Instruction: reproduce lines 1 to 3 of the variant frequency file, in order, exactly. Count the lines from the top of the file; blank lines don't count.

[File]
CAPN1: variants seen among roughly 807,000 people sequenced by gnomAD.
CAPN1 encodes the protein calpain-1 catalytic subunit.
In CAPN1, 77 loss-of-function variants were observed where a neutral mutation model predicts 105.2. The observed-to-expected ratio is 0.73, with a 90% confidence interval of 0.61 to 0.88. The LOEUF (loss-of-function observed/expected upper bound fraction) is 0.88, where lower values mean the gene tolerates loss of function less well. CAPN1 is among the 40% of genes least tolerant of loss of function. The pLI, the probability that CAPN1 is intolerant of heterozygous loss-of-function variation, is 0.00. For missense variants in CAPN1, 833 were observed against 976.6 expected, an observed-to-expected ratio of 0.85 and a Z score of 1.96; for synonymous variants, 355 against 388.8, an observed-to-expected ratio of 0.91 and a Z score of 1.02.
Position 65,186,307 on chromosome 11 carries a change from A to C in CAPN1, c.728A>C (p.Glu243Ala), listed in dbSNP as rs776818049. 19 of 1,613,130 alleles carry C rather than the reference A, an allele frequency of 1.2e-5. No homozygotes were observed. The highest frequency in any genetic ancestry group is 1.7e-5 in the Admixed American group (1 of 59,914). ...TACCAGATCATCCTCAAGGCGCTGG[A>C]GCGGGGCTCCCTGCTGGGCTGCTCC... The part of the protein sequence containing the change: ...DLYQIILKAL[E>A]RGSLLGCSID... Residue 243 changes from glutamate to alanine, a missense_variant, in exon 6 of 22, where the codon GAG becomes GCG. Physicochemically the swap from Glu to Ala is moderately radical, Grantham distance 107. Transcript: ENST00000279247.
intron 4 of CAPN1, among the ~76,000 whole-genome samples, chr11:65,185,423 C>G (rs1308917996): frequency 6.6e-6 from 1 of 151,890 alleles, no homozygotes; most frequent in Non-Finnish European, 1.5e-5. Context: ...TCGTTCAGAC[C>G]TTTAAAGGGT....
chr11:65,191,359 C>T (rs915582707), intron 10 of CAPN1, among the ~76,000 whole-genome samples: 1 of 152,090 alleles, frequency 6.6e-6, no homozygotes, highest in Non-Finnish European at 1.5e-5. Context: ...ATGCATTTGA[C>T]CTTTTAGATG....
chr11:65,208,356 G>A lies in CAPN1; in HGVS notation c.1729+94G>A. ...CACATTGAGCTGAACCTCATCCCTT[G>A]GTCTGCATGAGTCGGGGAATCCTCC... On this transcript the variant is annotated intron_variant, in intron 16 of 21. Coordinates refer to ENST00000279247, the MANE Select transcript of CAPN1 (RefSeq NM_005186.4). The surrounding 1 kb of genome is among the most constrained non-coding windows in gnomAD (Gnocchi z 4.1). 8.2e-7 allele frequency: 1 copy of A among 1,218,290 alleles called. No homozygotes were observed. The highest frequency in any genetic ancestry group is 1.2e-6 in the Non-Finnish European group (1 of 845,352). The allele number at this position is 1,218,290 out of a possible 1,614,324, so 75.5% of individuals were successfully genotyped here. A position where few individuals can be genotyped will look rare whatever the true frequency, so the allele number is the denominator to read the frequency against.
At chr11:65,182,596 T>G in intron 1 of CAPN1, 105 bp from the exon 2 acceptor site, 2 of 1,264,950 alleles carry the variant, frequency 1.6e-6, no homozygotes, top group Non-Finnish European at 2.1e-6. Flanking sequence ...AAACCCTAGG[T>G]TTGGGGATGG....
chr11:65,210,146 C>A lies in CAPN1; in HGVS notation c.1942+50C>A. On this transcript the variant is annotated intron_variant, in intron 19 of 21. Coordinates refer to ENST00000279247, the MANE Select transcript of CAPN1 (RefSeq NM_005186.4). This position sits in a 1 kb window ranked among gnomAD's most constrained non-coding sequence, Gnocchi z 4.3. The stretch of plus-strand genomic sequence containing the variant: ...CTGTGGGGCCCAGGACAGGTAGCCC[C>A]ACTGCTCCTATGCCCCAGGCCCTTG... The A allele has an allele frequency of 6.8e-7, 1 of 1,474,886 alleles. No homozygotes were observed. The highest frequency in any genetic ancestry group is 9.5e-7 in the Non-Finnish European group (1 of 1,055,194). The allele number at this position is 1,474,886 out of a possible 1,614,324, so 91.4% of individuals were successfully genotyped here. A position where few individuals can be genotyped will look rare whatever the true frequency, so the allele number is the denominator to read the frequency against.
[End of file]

CAPN1: variants seen among roughly 807,000 people sequenced by gnomAD.
CAPN1 encodes the protein calpain-1 catalytic subunit.
In CAPN1, 77 loss-of-function variants were observed where a neutral mutation model predicts 105.2. The observed-to-expected ratio is 0.73, with a 90% confidence interval of 0.61 to 0.88. The LOEUF (loss-of-function observed/expected upper bound fraction) is 0.88, where lower values mean the gene tolerates loss of function less well. CAPN1 is among the 40% of genes least tolerant of loss of function. The pLI, the probability that CAPN1 is intolerant of heterozygous loss-of-function variation, is 0.00. For missense variants in CAPN1, 833 were observed against 976.6 expected, an observed-to-expected ratio of 0.85 and a Z score of 1.96; for synonymous variants, 355 against 388.8, an observed-to-expected ratio of 0.91 and a Z score of 1.02.